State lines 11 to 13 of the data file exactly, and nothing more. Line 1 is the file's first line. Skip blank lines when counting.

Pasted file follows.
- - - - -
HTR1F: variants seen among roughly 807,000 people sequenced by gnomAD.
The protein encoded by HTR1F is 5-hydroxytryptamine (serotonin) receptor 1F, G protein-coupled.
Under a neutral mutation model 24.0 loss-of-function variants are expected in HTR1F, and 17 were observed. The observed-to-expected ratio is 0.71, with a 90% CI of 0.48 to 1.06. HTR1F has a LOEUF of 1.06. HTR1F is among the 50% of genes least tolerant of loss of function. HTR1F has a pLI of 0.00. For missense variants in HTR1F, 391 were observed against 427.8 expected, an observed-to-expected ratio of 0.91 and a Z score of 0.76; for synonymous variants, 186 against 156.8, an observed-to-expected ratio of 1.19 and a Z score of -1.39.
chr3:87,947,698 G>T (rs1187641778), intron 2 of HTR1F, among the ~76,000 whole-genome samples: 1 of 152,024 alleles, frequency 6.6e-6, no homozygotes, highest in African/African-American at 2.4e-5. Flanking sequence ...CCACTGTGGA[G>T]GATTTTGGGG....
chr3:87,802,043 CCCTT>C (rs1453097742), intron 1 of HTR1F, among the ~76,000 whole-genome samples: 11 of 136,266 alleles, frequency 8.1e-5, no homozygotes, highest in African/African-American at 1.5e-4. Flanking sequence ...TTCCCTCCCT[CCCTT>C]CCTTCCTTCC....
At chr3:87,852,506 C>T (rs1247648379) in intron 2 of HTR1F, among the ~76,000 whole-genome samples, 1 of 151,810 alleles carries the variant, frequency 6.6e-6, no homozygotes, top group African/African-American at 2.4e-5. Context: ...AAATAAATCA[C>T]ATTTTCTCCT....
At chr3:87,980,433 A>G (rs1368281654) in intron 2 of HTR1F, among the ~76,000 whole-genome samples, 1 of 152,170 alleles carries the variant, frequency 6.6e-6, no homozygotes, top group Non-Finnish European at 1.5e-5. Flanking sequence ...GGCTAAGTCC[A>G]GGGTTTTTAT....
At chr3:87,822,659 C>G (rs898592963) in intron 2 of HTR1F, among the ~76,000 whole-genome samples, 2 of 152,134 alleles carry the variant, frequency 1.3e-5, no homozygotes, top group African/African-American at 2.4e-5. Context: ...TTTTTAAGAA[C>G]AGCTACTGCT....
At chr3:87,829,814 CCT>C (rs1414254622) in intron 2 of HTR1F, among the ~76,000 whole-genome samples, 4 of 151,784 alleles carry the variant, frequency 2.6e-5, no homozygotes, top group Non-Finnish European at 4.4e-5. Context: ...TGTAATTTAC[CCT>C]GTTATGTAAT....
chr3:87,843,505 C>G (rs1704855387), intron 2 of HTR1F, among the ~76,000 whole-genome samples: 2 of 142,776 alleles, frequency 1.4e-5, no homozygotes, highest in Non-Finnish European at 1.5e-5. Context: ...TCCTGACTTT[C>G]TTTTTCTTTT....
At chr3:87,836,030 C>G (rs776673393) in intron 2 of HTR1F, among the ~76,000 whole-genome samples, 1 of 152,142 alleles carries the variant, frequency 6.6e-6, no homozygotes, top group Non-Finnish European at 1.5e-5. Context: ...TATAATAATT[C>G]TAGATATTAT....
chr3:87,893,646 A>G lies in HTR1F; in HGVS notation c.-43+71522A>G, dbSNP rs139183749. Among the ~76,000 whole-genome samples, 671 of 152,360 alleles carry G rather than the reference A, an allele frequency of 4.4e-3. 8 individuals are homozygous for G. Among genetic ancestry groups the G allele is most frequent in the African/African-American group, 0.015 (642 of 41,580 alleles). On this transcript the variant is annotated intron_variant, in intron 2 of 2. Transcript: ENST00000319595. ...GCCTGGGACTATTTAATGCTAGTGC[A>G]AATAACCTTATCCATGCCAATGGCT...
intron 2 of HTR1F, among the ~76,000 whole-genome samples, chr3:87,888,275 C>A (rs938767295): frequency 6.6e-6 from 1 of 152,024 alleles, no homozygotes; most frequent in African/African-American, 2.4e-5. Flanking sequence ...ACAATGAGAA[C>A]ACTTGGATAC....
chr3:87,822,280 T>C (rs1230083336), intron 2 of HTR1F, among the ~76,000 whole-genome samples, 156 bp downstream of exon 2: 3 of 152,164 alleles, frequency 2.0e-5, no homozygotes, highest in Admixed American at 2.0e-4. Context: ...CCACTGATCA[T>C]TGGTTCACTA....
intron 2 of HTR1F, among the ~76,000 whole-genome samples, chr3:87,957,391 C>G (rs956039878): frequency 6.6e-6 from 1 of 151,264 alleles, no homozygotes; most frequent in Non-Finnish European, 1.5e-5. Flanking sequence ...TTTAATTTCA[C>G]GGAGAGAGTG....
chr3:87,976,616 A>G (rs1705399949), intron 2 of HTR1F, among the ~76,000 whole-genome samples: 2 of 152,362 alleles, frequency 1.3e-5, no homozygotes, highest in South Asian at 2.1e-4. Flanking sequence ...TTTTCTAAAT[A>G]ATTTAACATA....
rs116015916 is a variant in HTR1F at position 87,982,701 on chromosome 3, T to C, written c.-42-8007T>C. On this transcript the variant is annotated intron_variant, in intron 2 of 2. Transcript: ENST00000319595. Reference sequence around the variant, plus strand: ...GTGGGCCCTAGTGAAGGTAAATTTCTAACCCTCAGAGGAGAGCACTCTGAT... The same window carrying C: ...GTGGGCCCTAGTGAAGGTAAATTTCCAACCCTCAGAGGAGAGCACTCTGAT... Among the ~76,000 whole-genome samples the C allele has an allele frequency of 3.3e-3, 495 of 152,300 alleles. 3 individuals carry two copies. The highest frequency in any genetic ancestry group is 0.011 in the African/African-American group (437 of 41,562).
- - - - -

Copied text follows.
At chr3:87,836,030 C>G (rs776673393) in intron 2 of HTR1F, among the ~76,000 whole-genome samples, 1 of 152,142 alleles carries the variant, frequency 6.6e-6, no homozygotes, top group Non-Finnish European at 1.5e-5. Context: ...TATAATAATT[C>G]TAGATATTAT....
chr3:87,893,646 A>G lies in HTR1F; in HGVS notation c.-43+71522A>G, dbSNP rs139183749. Among the ~76,000 whole-genome samples, 671 of 152,360 alleles carry G rather than the reference A, an allele frequency of 4.4e-3. 8 individuals are homozygous for G. Among genetic ancestry groups the G allele is most frequent in the African/African-American group, 0.015 (642 of 41,580 alleles). On this transcript the variant is annotated intron_variant, in intron 2 of 2. Transcript: ENST00000319595. ...GCCTGGGACTATTTAATGCTAGTGC[A>G]AATAACCTTATCCATGCCAATGGCT...
intron 2 of HTR1F, among the ~76,000 whole-genome samples, chr3:87,888,275 C>A (rs938767295): frequency 6.6e-6 from 1 of 152,024 alleles, no homozygotes; most frequent in African/African-American, 2.4e-5. Flanking sequence ...ACAATGAGAA[C>A]ACTTGGATAC....